In the mid 18th century, there lived a slave on a Waterbury, Connecticut plantation named Fortune. He was owned by a famous bone surgeon named Dr. Preserved Porter. Fortune, his wife Dinah and their three children served the Porters on a 75 acre-farm. Fortune had an additional son named Africa, born in 1772. The family lived in a house on the Porter plantation and tended to the farm’s produce of rye, Indian corn, onions, potatoes, apples, beef, hogs, cider, hay, oats and buckwheat.
In 1797, Fortune was baptized at St. John’s Episcopal Church in Waterbury, but apparently died a few weeks later. He was about 60 years old. Instead of a burial, Dr. Porter chose to boil Fortune’s bones and use them for medical study. The study was a part of Dr. Porter’s School of Anatomy, a place in which he allowed other doctors to study his work. Human bones were a rare presence for study. The bones remained in the family for over four generations. They were donated to the Mattatuck Museum in Connecticut in the 1930s, but were stored during the Civil Rights Movement in the 1960s. The label on the bones read the name “Larry,” since the generations that knew him as Fortune were long gone.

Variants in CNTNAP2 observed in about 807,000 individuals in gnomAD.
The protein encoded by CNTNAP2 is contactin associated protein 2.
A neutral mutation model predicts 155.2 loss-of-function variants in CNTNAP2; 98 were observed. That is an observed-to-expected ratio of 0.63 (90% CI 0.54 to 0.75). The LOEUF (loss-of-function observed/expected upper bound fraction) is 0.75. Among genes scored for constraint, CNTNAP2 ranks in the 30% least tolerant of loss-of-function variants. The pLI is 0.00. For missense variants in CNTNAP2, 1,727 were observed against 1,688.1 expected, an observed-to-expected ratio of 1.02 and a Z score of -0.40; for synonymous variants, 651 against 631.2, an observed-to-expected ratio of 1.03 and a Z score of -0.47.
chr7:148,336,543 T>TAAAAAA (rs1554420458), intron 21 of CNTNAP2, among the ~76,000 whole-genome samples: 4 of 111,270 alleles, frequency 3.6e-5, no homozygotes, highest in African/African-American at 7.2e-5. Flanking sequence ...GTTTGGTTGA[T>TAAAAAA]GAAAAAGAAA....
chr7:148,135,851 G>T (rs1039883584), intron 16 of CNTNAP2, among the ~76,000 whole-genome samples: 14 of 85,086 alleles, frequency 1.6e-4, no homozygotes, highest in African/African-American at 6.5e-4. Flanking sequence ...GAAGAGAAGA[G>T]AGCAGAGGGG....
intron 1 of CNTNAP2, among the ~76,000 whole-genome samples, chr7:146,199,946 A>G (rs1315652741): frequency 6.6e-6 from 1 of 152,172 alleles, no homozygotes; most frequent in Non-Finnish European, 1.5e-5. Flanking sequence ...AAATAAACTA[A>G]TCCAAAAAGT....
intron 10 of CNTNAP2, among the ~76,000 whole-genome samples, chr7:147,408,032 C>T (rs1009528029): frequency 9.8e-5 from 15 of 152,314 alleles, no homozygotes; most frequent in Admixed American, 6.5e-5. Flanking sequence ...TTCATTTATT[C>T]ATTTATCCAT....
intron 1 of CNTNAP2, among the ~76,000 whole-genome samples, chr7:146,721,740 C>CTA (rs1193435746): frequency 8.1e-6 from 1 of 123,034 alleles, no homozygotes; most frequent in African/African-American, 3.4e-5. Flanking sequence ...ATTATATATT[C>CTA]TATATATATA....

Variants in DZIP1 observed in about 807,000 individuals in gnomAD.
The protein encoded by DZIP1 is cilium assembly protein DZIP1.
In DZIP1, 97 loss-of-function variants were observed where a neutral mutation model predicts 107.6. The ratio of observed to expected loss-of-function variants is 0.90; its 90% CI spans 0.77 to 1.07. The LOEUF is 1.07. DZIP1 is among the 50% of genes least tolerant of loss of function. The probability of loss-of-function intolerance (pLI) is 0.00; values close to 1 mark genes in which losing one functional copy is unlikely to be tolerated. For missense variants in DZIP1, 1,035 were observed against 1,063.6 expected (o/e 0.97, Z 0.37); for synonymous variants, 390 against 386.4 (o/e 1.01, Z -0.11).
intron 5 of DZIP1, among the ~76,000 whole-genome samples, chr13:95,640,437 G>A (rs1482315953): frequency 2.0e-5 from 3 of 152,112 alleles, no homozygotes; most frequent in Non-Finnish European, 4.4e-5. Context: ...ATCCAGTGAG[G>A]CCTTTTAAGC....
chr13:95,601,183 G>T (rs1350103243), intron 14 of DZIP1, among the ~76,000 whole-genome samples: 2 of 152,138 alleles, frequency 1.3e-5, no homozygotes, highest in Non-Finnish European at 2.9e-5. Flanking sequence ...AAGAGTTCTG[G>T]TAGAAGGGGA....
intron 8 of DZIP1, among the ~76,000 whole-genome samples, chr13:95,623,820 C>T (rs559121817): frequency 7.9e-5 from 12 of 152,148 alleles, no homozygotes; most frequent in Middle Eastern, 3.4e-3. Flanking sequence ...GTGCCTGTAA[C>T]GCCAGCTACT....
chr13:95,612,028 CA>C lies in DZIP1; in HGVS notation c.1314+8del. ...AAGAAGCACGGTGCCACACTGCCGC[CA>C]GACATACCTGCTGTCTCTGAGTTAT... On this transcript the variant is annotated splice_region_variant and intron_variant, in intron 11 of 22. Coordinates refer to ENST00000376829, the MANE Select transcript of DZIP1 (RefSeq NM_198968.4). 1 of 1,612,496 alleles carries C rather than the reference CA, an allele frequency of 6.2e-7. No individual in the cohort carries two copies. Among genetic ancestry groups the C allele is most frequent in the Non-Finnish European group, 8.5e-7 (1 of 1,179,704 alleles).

Only through recent analysis at Howard University have experts discovered who Fortune was, how he may have looked and how he may have died. A group of researchers, Dr. Warren Perry, Dr. Nick Bellantoni and Dr. Michael Parks, have taken on the skeleton to determine several certainties about the life of Fortune. It appears that he had suffered a broken lower back and injuries to his hands and feet. The doctors suggest that his cause of death was a snapped vertabrae in the back of his neck. However, the doctors have determined that it was not likely by a hanging, but by a whiplash-type jerking. It had been said that Fortune slipped and drowned in the Naugatuck River.